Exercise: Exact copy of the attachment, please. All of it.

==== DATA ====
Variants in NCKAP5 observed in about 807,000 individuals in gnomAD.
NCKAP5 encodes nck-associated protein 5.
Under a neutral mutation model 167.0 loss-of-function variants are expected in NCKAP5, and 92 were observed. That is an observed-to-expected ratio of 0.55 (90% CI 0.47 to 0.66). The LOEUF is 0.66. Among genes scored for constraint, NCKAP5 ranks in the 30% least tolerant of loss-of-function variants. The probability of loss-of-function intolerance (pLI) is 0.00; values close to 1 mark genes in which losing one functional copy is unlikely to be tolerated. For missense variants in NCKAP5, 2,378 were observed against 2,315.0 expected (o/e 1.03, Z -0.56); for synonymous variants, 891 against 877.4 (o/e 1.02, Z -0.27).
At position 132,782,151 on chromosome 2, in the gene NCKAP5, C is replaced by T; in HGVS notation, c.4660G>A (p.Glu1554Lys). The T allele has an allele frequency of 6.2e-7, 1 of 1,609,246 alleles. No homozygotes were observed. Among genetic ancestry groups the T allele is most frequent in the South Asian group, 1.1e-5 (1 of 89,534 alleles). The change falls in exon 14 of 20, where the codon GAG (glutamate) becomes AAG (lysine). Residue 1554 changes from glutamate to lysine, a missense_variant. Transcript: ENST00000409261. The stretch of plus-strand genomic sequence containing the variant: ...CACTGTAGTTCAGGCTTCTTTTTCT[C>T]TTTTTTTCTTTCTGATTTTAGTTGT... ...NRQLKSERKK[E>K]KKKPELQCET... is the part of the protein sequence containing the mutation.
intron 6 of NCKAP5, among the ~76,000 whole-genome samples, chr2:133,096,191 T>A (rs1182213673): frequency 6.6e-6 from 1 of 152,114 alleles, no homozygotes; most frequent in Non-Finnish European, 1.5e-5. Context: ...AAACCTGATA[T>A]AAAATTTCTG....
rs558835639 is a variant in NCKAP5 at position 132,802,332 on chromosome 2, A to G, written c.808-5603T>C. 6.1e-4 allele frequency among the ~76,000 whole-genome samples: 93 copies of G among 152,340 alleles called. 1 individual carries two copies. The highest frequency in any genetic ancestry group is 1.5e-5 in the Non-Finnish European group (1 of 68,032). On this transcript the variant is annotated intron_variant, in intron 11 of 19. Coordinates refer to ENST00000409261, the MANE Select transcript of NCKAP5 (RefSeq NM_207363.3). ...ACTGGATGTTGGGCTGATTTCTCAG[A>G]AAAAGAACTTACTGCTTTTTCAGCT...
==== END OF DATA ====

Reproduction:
Variants in NCKAP5 observed in about 807,000 individuals in gnomAD.
NCKAP5 encodes nck-associated protein 5.
Under a neutral mutation model 167.0 loss-of-function variants are expected in NCKAP5, and 92 were observed. That is an observed-to-expected ratio of 0.55 (90% CI 0.47 to 0.66). The LOEUF is 0.66. Among genes scored for constraint, NCKAP5 ranks in the 30% least tolerant of loss-of-function variants. The probability of loss-of-function intolerance (pLI) is 0.00; values close to 1 mark genes in which losing one functional copy is unlikely to be tolerated. For missense variants in NCKAP5, 2,378 were observed against 2,315.0 expected (o/e 1.03, Z -0.56); for synonymous variants, 891 against 877.4 (o/e 1.02, Z -0.27).
At position 132,782,151 on chromosome 2, in the gene NCKAP5, C is replaced by T; in HGVS notation, c.4660G>A (p.Glu1554Lys). The T allele has an allele frequency of 6.2e-7, 1 of 1,609,246 alleles. No homozygotes were observed. Among genetic ancestry groups the T allele is most frequent in the South Asian group, 1.1e-5 (1 of 89,534 alleles). The change falls in exon 14 of 20, where the codon GAG (glutamate) becomes AAG (lysine). Residue 1554 changes from glutamate to lysine, a missense_variant. Transcript: ENST00000409261. The stretch of plus-strand genomic sequence containing the variant: ...CACTGTAGTTCAGGCTTCTTTTTCT[C>T]TTTTTTTCTTTCTGATTTTAGTTGT... ...NRQLKSERKK[E>K]KKKPELQCET... is the part of the protein sequence containing the mutation.
intron 6 of NCKAP5, among the ~76,000 whole-genome samples, chr2:133,096,191 T>A (rs1182213673): frequency 6.6e-6 from 1 of 152,114 alleles, no homozygotes; most frequent in Non-Finnish European, 1.5e-5. Context: ...AAACCTGATA[T>A]AAAATTTCTG....
rs558835639 is a variant in NCKAP5 at position 132,802,332 on chromosome 2, A to G, written c.808-5603T>C. 6.1e-4 allele frequency among the ~76,000 whole-genome samples: 93 copies of G among 152,340 alleles called. 1 individual carries two copies. The highest frequency in any genetic ancestry group is 1.5e-5 in the Non-Finnish European group (1 of 68,032). On this transcript the variant is annotated intron_variant, in intron 11 of 19. Coordinates refer to ENST00000409261, the MANE Select transcript of NCKAP5 (RefSeq NM_207363.3). ...ACTGGATGTTGGGCTGATTTCTCAG[A>G]AAAAGAACTTACTGCTTTTTCAGCT...